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'Tis the season to grow green beans - The Eagle: Gardening

'Tis the season to grow green beans

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Posted: Friday, August 24, 2012 12:00 am

Green beans are an easy to grow vegetable and produce a high-quality crop in the fall garden. With 10-13 weeks left before our first frost, there is still time to grow another crop of beans.

Fall crops of green beans are prized for their subtly sweet crisp, yet tender texture. They come in many shades of green, as well as yellow, purple and red. All are called "green" beans because they are picked and eaten at an immature stage, before the seeds have ripened completely.

Beans are in the legume plant family. The nodules on their roots absorb nitrogen from the air in soil and develop nitrogen powder. Their roots may be 3 feet deep, which loosens the subsoil, improving it for future crops. They are a great follow-up crop to heavy feeders such as spinach, sweet corn or broccoli.

You'll need a fast-maturing bush - 50 to 60 day - variety for fall planting. Some suggested ones are Derby, Festina, Greencrop, Half-Runner, Jade, Blue Lake, Maxibel, Provider, Purple, and Bush Romano. In our area, the dates to seed green beans are Aug. 15 to Sept. 15.

The planting site should be an area with eight or more hours of sunlight, well draining soil and ample air circulation. The topsoil must be moist before planting with a soil temperature of 70 to 85 degrees. The soil temperature earlier this week was 80 degrees.

In a single row, space seeds 6 inches apart, about an inch deep, with mulch and pathway on each side. Two, three or four rows are more efficient for the area, and their shade conserves moisture and reduces weeds. The rows may be 6 to 9 inches apart. After covering the seeds, press them into the soil with the flat side of a hoe.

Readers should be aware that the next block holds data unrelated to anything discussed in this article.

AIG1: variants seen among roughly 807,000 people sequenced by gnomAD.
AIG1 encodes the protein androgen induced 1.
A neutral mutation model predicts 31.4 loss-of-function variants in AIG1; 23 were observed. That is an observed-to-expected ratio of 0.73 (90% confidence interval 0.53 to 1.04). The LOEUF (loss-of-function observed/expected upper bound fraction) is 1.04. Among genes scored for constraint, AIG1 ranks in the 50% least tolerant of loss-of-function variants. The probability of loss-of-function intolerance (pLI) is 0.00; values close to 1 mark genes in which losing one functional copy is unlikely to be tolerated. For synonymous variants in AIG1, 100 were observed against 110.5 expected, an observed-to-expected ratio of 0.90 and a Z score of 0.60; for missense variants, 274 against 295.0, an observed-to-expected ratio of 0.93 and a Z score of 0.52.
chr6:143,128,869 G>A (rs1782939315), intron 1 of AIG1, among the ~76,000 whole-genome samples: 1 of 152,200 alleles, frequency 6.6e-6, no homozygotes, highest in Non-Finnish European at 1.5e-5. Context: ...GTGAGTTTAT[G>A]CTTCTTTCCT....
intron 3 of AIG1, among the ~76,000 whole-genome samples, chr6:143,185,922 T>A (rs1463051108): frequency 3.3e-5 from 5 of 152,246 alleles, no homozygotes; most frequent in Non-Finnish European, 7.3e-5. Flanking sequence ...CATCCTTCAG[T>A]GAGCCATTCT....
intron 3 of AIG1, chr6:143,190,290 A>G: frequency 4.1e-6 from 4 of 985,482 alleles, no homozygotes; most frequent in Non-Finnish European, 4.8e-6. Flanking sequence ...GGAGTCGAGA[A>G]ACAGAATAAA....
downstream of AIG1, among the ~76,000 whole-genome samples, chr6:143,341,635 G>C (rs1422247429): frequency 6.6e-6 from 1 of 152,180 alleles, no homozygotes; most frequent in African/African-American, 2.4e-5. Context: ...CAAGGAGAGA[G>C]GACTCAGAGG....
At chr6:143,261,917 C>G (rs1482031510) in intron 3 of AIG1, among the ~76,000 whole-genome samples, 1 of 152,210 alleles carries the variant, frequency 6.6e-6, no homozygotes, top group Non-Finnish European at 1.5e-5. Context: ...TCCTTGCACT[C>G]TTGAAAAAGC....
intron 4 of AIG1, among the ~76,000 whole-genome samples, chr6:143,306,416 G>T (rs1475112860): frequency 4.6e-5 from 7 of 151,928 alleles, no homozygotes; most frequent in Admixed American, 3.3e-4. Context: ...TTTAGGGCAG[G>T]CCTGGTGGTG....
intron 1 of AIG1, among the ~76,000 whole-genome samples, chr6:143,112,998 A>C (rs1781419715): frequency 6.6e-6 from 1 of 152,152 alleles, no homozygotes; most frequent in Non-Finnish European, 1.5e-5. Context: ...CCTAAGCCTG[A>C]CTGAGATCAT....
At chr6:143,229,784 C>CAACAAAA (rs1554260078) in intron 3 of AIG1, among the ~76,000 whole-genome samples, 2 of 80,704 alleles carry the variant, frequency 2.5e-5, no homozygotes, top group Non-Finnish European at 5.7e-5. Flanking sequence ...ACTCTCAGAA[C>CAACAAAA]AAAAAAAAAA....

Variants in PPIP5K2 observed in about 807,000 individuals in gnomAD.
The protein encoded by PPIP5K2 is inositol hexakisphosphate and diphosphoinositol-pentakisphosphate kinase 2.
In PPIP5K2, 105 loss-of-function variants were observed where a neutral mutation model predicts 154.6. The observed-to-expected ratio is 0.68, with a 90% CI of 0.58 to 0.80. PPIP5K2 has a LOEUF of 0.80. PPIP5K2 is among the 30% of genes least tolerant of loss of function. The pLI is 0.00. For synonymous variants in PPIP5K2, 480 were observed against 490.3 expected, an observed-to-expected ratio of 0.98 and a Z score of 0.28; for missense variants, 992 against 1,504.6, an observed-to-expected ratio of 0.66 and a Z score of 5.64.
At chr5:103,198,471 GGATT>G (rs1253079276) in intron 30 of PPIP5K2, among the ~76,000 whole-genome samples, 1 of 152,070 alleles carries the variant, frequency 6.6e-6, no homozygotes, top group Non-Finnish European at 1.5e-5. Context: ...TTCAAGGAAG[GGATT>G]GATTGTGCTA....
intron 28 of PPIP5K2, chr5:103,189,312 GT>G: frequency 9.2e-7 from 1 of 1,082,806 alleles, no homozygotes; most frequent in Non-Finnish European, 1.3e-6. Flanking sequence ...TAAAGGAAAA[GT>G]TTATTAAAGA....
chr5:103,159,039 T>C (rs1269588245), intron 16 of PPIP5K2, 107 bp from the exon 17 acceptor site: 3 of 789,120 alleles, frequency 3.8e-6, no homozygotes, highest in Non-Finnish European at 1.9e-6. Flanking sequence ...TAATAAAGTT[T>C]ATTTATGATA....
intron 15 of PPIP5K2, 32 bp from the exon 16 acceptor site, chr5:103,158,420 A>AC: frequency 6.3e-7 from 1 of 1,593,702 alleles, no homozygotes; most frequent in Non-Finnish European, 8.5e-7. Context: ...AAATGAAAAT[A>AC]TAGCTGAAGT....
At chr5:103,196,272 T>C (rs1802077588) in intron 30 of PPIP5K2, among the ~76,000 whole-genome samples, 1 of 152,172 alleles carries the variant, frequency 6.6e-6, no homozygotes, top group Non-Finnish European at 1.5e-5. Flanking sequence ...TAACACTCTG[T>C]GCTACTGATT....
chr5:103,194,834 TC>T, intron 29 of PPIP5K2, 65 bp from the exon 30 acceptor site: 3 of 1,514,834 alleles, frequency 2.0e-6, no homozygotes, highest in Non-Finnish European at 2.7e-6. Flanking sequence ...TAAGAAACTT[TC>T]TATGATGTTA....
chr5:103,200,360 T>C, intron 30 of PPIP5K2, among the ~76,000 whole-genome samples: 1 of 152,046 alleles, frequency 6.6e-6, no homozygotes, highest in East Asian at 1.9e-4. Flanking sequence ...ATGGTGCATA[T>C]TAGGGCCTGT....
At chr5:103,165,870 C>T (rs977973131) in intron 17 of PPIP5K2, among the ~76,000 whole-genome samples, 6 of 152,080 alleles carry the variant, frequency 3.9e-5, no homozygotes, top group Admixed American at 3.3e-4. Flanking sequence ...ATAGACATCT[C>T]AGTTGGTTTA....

The seeds may be pretreated with a fungicide to prevent diseases. If beans have not been grown in that location of the garden during recent years, the seeds should be inoculated with nitrogen-fixing bacteria from a garden store or a seed catalog.

Keep the soil moist and seeds should germinate in about a week. The seedling stem emerges first in the form of an arch. Then, it pulls the two cotyledon leaves up through the topsoil. If the plants appear to be healthy - a rich green color - they may not require any fertilizer.

The harvest period for green beans is typically about 14 days. Gardeners can extend the harvest time by re-planting at two-week intervals.

Harvest the immature pods at the stage for the best flavor and most tender texture, that is, just before the seeds swell. Picking the beans requires both hands. One hand to hold the pod, and the other to cut or break the stem from the pod.

Visit these websites for additional information on home vegetable gardening and green beans:

- http://aggie-horticulture.tamu.edu

- http://brazosmg.com/ gardening-resources/ vegetables

- http://aggie-horticulture.tamu.edu/vegetable/

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